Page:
The day after Majerus' funeral in Milwaukee, remembering the Utes' shocking victory over the Wildcats in the Elite Eight of the 1998 NCAA Tournament seems like a fitting eulogy.
The game was played in Anaheim, only a few miles from where Majerus died of heart failure on Dec. 1.
Defending national champion Arizona had won 23 of its previous 24 games. The only loss was a one-pointer at USC in the next-to-last game of the regular season.
The Wildcats breezed into the West Regional finals as heavy favorites to end Utah's tournament run, which had included close wins over Arkansas (75-69) and West Virginia (65-62).
After beating the Mountaineers, Majerus said, "It was a hard-fought win, but it was not an artistic win."
The artistry came two days later.
The Utes did not seem to match up well with the Wildcats, who were led by Mike Bibby, Miles Simon and Michael Dickerson.
Bibby, a future No. 2 overall pick in the NBA draft, was coming off a 27-point performance in Arizona's 87-79 win over Maryland in the regional semifinals.
"We really needed to take Bibby out of the game," Majerus said later.
To facilitate the plan, he told his players they would employ their "66" defense a gimmicky triangle-and-two designed to swarm Bibby and, to a lesser extent, Simon.
The bad news: Dickerson would get some open shots.
Immediately, everyone wondered if Majerus had gotten ahold of some bad pizza.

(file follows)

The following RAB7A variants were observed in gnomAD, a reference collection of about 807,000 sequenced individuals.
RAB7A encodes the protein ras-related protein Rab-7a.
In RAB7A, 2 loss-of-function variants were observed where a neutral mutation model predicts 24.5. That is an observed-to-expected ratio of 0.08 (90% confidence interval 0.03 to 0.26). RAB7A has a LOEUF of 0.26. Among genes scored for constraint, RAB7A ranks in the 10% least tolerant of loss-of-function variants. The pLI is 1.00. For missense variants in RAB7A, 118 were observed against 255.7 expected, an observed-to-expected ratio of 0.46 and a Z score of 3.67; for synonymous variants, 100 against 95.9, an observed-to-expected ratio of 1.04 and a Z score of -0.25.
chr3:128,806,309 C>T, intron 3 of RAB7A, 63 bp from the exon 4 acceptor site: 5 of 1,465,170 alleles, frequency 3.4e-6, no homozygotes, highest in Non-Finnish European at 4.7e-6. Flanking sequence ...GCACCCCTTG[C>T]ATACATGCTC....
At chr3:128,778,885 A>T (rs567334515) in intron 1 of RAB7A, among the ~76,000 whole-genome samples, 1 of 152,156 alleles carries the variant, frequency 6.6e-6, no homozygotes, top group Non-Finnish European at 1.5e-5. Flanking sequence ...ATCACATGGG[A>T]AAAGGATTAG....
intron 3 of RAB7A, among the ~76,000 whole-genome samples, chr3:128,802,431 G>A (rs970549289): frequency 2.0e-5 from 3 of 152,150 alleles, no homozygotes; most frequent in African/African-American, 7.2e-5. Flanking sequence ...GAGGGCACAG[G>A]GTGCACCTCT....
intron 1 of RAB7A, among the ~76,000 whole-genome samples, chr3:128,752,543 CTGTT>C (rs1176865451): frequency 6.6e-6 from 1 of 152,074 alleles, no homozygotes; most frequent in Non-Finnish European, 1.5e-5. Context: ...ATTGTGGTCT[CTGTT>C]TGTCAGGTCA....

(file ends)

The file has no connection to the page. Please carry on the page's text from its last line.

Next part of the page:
"We practiced it about 20 minutes all year," said forward Hanno Mottola.
Freshman David Jackson, who a year later transferred out of the program, was also apprehensive.
"Coach told us we were going to use '66,' and everybody looked around," he said. "It was like, 'Hey coach, we don't know about this.' But later he said, 'Do you guys want to go man?' And, in unison, everybody said, 'No.' "
Senior Drew Hansen said, "The thing I wondered about was leaving Dickerson open. I said, 'Is that a good idea?' But coach said he was making 21 percent of his 3s in the tournament, so we decided to make that choice."
On the game's first possession, Dickerson got an open 15-footer. The ball rimmed out. Even though Utah missed nine of its first 10 shots, the Wildcats couldn't score, either.
The Utes slowly built a 29-20 halftime lead. It was 47-25 with 14 minutes remaining.
"The man-to-man is our staple," Majerus said. "But after watching Arizona, I thought we had to do a couple of little things. ... I thought we would visit an old friend."
Majerus' defense limited Bibby to seven points, with three coming in the final moments.
"This is a greatest feeling I've ever had," said Utah freshman Britton Johnsen. "It's the greatest moment of my life."